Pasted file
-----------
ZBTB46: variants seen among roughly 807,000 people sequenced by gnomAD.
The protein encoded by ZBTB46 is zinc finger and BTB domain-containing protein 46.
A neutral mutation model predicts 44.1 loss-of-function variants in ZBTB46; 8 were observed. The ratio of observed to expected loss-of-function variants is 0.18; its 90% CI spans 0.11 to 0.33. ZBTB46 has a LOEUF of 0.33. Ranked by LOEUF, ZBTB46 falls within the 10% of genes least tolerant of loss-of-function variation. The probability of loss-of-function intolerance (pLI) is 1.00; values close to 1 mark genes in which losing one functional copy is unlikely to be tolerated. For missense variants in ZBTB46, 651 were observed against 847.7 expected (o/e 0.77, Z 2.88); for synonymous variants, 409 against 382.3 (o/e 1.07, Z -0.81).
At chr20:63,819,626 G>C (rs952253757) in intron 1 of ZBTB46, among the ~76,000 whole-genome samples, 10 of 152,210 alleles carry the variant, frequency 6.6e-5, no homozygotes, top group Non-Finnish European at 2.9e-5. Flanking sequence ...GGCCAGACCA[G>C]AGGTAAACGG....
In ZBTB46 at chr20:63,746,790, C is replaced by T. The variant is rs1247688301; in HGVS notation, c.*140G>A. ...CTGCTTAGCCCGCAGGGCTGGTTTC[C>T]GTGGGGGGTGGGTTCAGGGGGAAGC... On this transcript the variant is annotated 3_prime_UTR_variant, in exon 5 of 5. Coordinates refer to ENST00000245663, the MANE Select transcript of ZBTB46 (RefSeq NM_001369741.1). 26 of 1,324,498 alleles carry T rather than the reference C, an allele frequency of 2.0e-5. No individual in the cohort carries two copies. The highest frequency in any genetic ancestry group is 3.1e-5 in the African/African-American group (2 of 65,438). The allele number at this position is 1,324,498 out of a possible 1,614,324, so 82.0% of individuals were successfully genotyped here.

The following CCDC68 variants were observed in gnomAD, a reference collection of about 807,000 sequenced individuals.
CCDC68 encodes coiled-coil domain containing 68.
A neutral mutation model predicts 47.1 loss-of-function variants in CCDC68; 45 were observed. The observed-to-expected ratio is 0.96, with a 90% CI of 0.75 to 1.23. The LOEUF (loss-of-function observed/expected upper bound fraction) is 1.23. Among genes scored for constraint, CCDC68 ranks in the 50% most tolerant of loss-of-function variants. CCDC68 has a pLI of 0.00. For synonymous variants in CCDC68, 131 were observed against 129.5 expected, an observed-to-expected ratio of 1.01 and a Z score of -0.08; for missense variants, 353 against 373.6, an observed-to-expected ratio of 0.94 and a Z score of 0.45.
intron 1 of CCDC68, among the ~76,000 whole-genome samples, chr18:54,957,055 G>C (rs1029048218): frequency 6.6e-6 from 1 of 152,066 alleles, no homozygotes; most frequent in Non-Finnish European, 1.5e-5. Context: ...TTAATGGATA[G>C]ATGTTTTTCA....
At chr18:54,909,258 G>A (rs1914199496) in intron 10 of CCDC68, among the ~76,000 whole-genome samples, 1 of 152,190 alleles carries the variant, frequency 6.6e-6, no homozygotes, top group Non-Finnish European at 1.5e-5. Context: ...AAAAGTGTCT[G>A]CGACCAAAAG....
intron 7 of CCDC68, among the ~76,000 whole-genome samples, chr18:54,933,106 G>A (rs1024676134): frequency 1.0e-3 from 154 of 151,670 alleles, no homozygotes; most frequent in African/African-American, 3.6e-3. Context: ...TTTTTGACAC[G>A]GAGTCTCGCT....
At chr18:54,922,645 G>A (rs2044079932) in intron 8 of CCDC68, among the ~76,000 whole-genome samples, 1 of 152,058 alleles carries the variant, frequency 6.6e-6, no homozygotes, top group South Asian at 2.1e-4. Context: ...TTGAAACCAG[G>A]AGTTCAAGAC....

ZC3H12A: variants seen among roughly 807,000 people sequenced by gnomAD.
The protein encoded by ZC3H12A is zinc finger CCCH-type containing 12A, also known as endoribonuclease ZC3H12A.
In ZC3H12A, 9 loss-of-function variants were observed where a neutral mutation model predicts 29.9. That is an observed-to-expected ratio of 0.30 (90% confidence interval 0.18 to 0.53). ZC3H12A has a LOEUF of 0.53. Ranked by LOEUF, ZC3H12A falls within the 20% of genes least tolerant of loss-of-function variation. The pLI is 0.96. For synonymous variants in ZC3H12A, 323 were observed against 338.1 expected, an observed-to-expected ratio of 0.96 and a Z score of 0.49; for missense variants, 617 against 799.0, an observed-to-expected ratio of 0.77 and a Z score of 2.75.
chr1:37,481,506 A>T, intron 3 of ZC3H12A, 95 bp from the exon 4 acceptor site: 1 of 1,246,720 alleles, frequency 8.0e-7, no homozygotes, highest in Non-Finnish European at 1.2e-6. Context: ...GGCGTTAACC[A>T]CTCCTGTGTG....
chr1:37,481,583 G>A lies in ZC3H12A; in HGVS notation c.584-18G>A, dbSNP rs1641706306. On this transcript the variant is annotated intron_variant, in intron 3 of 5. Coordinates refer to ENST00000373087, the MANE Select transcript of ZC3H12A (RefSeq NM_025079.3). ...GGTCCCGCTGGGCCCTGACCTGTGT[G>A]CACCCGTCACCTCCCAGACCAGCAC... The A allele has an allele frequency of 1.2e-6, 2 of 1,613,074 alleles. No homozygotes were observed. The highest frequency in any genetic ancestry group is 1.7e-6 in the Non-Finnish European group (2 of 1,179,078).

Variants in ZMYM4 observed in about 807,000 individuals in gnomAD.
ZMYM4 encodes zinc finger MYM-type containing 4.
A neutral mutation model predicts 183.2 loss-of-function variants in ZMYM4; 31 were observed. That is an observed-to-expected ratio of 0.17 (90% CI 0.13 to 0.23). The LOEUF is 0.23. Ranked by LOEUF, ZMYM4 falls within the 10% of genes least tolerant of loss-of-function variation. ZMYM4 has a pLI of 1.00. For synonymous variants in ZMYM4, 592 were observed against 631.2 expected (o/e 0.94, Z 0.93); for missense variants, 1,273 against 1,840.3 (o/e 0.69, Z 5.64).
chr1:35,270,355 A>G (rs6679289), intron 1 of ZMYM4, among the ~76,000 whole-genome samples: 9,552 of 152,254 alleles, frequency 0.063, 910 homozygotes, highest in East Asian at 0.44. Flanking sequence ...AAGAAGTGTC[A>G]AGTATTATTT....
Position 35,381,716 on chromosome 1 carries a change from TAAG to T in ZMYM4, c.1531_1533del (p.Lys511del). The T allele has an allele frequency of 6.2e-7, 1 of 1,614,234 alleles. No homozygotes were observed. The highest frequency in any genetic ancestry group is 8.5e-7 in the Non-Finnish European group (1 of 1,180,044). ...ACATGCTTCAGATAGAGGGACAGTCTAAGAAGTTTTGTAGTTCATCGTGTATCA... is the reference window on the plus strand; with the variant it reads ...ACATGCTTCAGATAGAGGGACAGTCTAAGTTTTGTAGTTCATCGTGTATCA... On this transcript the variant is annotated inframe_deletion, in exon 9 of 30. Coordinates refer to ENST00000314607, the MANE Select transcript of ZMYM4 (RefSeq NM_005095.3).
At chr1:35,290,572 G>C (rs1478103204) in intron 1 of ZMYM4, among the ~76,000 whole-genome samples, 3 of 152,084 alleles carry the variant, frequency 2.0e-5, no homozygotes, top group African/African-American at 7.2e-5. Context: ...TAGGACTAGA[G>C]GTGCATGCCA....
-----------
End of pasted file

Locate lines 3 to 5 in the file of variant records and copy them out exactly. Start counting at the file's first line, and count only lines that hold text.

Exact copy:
A neutral mutation model predicts 44.1 loss-of-function variants in ZBTB46; 8 were observed. The ratio of observed to expected loss-of-function variants is 0.18; its 90% CI spans 0.11 to 0.33. ZBTB46 has a LOEUF of 0.33. Ranked by LOEUF, ZBTB46 falls within the 10% of genes least tolerant of loss-of-function variation. The probability of loss-of-function intolerance (pLI) is 1.00; values close to 1 mark genes in which losing one functional copy is unlikely to be tolerated. For missense variants in ZBTB46, 651 were observed against 847.7 expected (o/e 0.77, Z 2.88); for synonymous variants, 409 against 382.3 (o/e 1.07, Z -0.81).
At chr20:63,819,626 G>C (rs952253757) in intron 1 of ZBTB46, among the ~76,000 whole-genome samples, 10 of 152,210 alleles carry the variant, frequency 6.6e-5, no homozygotes, top group Non-Finnish European at 2.9e-5. Flanking sequence ...GGCCAGACCA[G>C]AGGTAAACGG....
In ZBTB46 at chr20:63,746,790, C is replaced by T. The variant is rs1247688301; in HGVS notation, c.*140G>A. ...CTGCTTAGCCCGCAGGGCTGGTTTC[C>T]GTGGGGGGTGGGTTCAGGGGGAAGC... On this transcript the variant is annotated 3_prime_UTR_variant, in exon 5 of 5. Coordinates refer to ENST00000245663, the MANE Select transcript of ZBTB46 (RefSeq NM_001369741.1). 26 of 1,324,498 alleles carry T rather than the reference C, an allele frequency of 2.0e-5. No individual in the cohort carries two copies. The highest frequency in any genetic ancestry group is 3.1e-5 in the African/African-American group (2 of 65,438). The allele number at this position is 1,324,498 out of a possible 1,614,324, so 82.0% of individuals were successfully genotyped here.